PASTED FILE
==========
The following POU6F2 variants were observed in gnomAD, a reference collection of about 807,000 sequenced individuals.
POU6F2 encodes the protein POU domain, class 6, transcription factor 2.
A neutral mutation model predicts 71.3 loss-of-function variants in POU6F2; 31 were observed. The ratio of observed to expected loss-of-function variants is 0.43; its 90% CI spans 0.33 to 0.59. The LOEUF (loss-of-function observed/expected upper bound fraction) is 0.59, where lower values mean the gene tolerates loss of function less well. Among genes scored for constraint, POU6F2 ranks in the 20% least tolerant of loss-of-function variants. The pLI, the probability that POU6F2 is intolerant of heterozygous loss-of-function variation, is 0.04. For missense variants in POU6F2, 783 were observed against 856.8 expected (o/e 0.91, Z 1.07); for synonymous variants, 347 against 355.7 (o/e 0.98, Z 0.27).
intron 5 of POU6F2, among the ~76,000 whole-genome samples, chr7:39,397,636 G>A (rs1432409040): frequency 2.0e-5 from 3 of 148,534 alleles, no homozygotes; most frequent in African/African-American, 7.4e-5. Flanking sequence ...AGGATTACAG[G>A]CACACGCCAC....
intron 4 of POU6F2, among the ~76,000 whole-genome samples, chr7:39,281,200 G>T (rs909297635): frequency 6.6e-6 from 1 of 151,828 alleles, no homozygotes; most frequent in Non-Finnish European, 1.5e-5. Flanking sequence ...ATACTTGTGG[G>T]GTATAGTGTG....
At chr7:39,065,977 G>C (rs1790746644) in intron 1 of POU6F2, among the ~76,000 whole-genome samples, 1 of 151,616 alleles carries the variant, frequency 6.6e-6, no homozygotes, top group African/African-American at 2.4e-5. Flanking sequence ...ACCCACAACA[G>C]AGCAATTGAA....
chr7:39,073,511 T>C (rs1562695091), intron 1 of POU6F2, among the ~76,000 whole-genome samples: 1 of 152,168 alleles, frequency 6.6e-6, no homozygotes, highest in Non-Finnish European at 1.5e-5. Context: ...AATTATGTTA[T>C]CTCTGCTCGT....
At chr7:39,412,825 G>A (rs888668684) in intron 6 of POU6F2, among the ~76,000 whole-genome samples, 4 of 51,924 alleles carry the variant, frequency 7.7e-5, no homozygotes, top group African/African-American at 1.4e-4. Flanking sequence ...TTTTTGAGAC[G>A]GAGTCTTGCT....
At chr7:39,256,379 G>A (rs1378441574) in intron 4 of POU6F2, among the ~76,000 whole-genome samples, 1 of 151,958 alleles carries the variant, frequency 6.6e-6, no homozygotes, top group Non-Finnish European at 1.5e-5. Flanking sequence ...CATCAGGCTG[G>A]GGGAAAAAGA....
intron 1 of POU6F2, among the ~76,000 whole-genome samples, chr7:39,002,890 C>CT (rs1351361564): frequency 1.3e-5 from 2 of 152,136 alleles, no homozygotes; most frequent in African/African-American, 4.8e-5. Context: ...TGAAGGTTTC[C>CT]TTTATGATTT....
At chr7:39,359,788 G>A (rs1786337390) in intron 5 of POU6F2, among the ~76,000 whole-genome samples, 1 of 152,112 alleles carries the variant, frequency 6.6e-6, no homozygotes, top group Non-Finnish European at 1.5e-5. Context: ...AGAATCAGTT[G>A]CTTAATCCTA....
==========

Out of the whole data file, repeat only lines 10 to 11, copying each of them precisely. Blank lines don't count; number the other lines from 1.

intron 1 of POU6F2, among the ~76,000 whole-genome samples, chr7:39,002,890 C>CT (rs1351361564): frequency 1.3e-5 from 2 of 152,136 alleles, no homozygotes; most frequent in African/African-American, 4.8e-5. Context: ...TGAAGGTTTC[C>CT]TTTATGATTT....
At chr7:39,359,788 G>A (rs1786337390) in intron 5 of POU6F2, among the ~76,000 whole-genome samples, 1 of 152,112 alleles carries the variant, frequency 6.6e-6, no homozygotes, top group Non-Finnish European at 1.5e-5. Context: ...AGAATCAGTT[G>A]CTTAATCCTA....